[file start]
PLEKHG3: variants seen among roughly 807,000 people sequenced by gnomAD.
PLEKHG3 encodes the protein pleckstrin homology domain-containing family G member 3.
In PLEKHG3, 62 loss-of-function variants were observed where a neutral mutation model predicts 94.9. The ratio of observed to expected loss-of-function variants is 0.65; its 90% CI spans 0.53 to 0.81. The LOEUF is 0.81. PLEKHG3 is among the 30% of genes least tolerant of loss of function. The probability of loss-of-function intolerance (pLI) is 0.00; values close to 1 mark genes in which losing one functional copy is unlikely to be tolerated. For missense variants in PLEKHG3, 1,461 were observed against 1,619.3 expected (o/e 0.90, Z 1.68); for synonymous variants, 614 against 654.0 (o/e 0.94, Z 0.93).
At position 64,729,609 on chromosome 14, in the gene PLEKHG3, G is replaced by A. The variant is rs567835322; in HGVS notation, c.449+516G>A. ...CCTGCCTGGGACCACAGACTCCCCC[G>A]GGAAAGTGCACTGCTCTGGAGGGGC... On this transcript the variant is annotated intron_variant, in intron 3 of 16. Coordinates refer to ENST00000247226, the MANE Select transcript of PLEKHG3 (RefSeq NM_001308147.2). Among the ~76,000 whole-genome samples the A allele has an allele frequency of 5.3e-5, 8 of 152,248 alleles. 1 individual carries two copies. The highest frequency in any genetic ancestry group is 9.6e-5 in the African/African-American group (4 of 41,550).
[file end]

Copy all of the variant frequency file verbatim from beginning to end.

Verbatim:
PLEKHG3: variants seen among roughly 807,000 people sequenced by gnomAD.
PLEKHG3 encodes the protein pleckstrin homology domain-containing family G member 3.
In PLEKHG3, 62 loss-of-function variants were observed where a neutral mutation model predicts 94.9. The ratio of observed to expected loss-of-function variants is 0.65; its 90% CI spans 0.53 to 0.81. The LOEUF is 0.81. PLEKHG3 is among the 30% of genes least tolerant of loss of function. The probability of loss-of-function intolerance (pLI) is 0.00; values close to 1 mark genes in which losing one functional copy is unlikely to be tolerated. For missense variants in PLEKHG3, 1,461 were observed against 1,619.3 expected (o/e 0.90, Z 1.68); for synonymous variants, 614 against 654.0 (o/e 0.94, Z 0.93).
At position 64,729,609 on chromosome 14, in the gene PLEKHG3, G is replaced by A. The variant is rs567835322; in HGVS notation, c.449+516G>A. ...CCTGCCTGGGACCACAGACTCCCCC[G>A]GGAAAGTGCACTGCTCTGGAGGGGC... On this transcript the variant is annotated intron_variant, in intron 3 of 16. Coordinates refer to ENST00000247226, the MANE Select transcript of PLEKHG3 (RefSeq NM_001308147.2). Among the ~76,000 whole-genome samples the A allele has an allele frequency of 5.3e-5, 8 of 152,248 alleles. 1 individual carries two copies. The highest frequency in any genetic ancestry group is 9.6e-5 in the African/African-American group (4 of 41,550).